In anticipation of his upcoming Predictive Analytics World for Workforce conference presentation, Predictive Job Maps – Modeling an Entire Workforce with a Tree of Models, we interviewed Pasha Roberts, Co-Founder and Chief Scientist at Talent Analytics, Corp. View the Q-and-A below to see how Pasha Roberts has incorporated predictive analytics into the workforce of Talent Analytics, Corp. Also, glimpse what’s in store for the new PAW Workforce conference.
Q: How is a specific line of business / business unit using your predictive decisions? How is your product deployed into operations?
A: Our clients use our predictions for performance or attrition every day, in the process of recruiting new job candidates. At PAW, I will be talking about rolling these up into a full network or tree of predictions, to predict performance for the candidate’s likely future roles, after a promotion or two. For this, we’ve built several dynamic job maps, and several composite benchmarks, and will soon deploy the full integrated solution that rolls all of this together.
Q: If HR were 100% ready and the data were available, what would your boldest data science creations do?
A: I’d create a living, interactive, visual map that shows everyone at the company who is going where, and how it affects corporate value. I’d populate the map with hundreds of predictive models to optimize employee changes, and keep it fresh with ongoing research. The result would be a living guide with tangible directives for hiring, terminating, and promoting employees to grow the organization right.
Q: When do you think businesses will be ready for “black box” workforce predictive methods, such as Random Forests or Neural Networks?
A: Not for many years, if they are kept opaque. HR and Hiring Managers want to know what is driving selection, and that it makes sense with a management narrative that they can follow. Sometimes there is a tug-of-war between plausibility and accuracy, but fortunately the human ability to form narrative is strong.
This doesn’t mean you are limited to simple regressions. Variable selection is everything for regression models, and we often use random forests or lasso/elastic net methods to find a set of regression variables that robustly predict.
Also, you can use black-box models like Random Forests, Support Vector Machines or Neural Nets for better accuracy as long as you do the extra work to isolate key variables and trends in them, to build a story for your model users. There are methods to probe a winning black box method to identify variable importance and general directionality. This can take enough opacity off of a model to be able to give “face validity” to its users.
Q: Do you have suggestions for data scientists trying to explain the complexity of their work, to those solving workforce challenges?
A: We often use examples from other domains, preferably their own domain. If I’m explaining a hiring model to a banker, we’ll show how it’s like using a credit score before offering a loan to someone. You don’t extend the loan (or job offer) unless there is a good probability that the person will pay the loan back (or stay on the job, or perform on the job). They get that.
Some of the technical graphs, like survival curves, work well with management users, and you can explain them; to most. Other constructs, like an AUC curve or cluster silhouette plots, are just not going to work with most. We try to win a lot of trust by the time we get to that stage.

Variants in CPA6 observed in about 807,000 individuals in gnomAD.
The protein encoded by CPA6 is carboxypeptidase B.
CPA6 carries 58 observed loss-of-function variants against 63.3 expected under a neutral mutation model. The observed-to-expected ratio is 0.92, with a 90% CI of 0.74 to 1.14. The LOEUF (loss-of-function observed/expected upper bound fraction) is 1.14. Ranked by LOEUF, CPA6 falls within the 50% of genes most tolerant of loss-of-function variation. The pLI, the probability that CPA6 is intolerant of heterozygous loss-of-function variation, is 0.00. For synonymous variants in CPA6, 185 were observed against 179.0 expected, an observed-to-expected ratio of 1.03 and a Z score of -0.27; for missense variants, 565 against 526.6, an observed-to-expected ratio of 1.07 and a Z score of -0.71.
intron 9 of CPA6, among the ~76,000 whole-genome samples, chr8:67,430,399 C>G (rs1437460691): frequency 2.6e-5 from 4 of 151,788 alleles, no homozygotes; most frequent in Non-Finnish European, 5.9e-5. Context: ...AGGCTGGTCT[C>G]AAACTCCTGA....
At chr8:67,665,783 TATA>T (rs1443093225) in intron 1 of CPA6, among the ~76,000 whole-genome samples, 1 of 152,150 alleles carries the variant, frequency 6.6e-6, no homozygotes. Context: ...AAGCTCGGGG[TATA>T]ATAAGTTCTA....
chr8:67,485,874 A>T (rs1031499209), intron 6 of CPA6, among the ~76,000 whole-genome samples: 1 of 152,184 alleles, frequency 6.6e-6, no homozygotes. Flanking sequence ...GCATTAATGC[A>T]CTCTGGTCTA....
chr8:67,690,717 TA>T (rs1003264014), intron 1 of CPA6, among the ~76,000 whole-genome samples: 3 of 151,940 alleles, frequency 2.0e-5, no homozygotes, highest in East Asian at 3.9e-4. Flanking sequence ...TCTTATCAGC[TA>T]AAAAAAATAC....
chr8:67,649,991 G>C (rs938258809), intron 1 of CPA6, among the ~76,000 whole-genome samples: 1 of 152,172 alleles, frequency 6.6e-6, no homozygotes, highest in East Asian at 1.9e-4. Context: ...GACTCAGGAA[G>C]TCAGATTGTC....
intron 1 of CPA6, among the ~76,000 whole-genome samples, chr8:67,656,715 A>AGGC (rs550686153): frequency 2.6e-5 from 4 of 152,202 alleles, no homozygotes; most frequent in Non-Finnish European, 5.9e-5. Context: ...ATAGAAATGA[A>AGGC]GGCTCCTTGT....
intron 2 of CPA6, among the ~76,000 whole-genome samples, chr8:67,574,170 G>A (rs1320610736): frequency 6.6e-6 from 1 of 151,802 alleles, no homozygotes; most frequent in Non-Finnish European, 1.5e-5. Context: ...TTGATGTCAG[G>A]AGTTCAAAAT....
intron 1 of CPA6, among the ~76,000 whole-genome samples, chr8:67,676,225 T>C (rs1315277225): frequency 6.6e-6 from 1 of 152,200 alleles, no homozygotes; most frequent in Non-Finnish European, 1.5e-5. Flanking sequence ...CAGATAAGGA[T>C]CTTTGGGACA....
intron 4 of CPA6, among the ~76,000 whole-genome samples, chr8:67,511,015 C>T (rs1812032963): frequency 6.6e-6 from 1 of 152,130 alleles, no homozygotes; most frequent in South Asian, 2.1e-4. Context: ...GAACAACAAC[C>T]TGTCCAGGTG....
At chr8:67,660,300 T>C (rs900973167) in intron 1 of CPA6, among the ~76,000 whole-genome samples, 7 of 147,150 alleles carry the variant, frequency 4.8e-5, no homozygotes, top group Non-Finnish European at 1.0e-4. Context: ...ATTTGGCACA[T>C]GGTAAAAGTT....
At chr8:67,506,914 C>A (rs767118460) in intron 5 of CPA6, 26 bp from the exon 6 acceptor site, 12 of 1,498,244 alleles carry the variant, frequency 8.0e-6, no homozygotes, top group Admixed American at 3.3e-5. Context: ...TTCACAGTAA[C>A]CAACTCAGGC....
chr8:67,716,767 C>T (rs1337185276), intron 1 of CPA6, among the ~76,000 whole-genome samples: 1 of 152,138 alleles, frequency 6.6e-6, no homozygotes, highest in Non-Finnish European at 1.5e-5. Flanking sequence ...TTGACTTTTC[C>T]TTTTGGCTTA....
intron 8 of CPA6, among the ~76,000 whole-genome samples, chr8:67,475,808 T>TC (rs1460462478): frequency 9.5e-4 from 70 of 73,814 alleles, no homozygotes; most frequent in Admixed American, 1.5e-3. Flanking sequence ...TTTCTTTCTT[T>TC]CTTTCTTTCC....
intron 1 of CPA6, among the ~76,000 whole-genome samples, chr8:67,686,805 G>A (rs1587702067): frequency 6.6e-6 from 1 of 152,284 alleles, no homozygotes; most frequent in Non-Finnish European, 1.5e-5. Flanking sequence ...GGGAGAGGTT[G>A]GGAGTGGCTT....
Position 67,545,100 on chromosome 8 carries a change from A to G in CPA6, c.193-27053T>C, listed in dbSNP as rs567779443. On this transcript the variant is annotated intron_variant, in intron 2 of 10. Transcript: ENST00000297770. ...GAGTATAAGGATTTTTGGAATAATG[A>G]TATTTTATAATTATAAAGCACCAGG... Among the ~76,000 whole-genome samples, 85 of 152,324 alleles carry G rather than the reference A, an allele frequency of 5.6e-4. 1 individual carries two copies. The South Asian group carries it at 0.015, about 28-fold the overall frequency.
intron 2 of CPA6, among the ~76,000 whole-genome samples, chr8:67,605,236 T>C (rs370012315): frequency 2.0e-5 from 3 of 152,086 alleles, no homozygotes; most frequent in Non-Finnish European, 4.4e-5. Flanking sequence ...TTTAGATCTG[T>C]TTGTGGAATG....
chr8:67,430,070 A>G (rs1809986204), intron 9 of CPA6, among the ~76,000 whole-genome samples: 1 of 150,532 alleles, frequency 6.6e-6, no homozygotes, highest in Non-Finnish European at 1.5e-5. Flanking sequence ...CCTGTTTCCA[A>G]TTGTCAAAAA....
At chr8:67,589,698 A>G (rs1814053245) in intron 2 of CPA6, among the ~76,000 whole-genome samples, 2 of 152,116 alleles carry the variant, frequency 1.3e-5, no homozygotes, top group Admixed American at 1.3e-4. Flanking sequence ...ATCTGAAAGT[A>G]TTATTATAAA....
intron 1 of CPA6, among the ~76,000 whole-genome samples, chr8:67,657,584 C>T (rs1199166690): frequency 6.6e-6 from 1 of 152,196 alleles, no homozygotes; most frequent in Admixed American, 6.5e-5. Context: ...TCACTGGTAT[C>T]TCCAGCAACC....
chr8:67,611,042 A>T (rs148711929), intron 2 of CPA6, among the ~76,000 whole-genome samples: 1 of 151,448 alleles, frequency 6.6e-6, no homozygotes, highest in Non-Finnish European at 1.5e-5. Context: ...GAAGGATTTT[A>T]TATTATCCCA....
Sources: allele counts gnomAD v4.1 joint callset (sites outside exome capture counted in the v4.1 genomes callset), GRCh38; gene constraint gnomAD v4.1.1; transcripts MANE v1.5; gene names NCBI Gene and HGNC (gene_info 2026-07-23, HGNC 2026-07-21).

Q: What is one specific way in which predictive analytics actively is driving decisions?
A: As mentioned above, hiring decisions – choosing candidates who are likely to not terminate early, and who are likely to overachieve (or not underachieve) real business KPIs. We work with clients to identify the KPIs – they are tangible things, like sales per month, or food safety scores, or cash drawer entries. We don’t try to drive mushy middle values like engagement or happiness.
You don’t put graphs or anything fancy in front of a recruiter for hiring/promotion decision. We just deliver calibrated, color-coded color bands – blue candidates are likely to over-perform, red candidates are likely to under-perform. They just pick up that color from the system; maybe get some auto-generated behavioral interview questions and talking points tailored to the candidates, and move to the next step in recruiting.
Real analytics ultimately doesn’t show graphs or paragraphs of “insights” to the user – it just helps them make the decision.
Q: How does business culture, including HR, need to evolve to accept the full promise of predictive workforce?
A: A predictive analyst needs to earn their trust, and they need to learn to understand that their “gut” is just another form of decision-making. The HR users need to gently see that sometimes the “gut” can be more biased, and less fact-driven than rigorous analytics.
They don’t need to learn Chi-Square or Receiver Operator Characteristic – though we’ve converted several into junior analysts and gotten a few back into graduate school. Managers do need to understand that models are just trying to make decisions based on facts, the way they are, and that they need to be forever learning.
Q: Do you have specific business results you can report?
A: In one case we reduced annual attrition from 84% to 48% in 5 months. That saves the banking client over $1 million a year in replacement cost and employee lifetime value.
In another case we increased the ability to hire successful candidates (as measured by passing a Series 7 exam) by 12% – that high-volume situation saved the client over $4 million a year in replacement cost alone.
Don’t miss Pasha’s conference presentation, Predictive Job Maps – Modeling an Entire Workforce with a Tree of Models, at PAW Workforce, on Tuesday, April 5, 2016 at 10:25 to 10:45 am. Click here to register for attendance. USE CODE PATIMES16 for 15% off current prices (excludes workshops).